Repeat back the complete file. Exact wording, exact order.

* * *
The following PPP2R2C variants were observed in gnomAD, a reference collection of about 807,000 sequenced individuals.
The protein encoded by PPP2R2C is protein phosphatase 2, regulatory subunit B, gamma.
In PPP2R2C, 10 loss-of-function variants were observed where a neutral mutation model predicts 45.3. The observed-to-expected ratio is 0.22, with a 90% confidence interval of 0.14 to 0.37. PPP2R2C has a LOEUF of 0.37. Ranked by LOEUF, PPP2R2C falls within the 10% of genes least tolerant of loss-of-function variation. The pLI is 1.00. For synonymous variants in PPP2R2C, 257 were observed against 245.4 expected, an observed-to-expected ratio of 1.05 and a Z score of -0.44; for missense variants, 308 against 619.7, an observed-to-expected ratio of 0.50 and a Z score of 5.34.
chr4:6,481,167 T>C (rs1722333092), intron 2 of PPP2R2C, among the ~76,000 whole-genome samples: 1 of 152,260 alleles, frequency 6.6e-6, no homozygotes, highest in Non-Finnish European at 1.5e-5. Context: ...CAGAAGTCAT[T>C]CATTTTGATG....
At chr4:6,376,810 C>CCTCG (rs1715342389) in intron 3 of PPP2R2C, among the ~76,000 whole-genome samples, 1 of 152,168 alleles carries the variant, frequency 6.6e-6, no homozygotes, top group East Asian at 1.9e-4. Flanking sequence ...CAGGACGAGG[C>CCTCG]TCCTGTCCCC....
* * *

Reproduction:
The following PPP2R2C variants were observed in gnomAD, a reference collection of about 807,000 sequenced individuals.
The protein encoded by PPP2R2C is protein phosphatase 2, regulatory subunit B, gamma.
In PPP2R2C, 10 loss-of-function variants were observed where a neutral mutation model predicts 45.3. The observed-to-expected ratio is 0.22, with a 90% confidence interval of 0.14 to 0.37. PPP2R2C has a LOEUF of 0.37. Ranked by LOEUF, PPP2R2C falls within the 10% of genes least tolerant of loss-of-function variation. The pLI is 1.00. For synonymous variants in PPP2R2C, 257 were observed against 245.4 expected, an observed-to-expected ratio of 1.05 and a Z score of -0.44; for missense variants, 308 against 619.7, an observed-to-expected ratio of 0.50 and a Z score of 5.34.
chr4:6,481,167 T>C (rs1722333092), intron 2 of PPP2R2C, among the ~76,000 whole-genome samples: 1 of 152,260 alleles, frequency 6.6e-6, no homozygotes, highest in Non-Finnish European at 1.5e-5. Context: ...CAGAAGTCAT[T>C]CATTTTGATG....
At chr4:6,376,810 C>CCTCG (rs1715342389) in intron 3 of PPP2R2C, among the ~76,000 whole-genome samples, 1 of 152,168 alleles carries the variant, frequency 6.6e-6, no homozygotes, top group East Asian at 1.9e-4. Flanking sequence ...CAGGACGAGG[C>CCTCG]TCCTGTCCCC....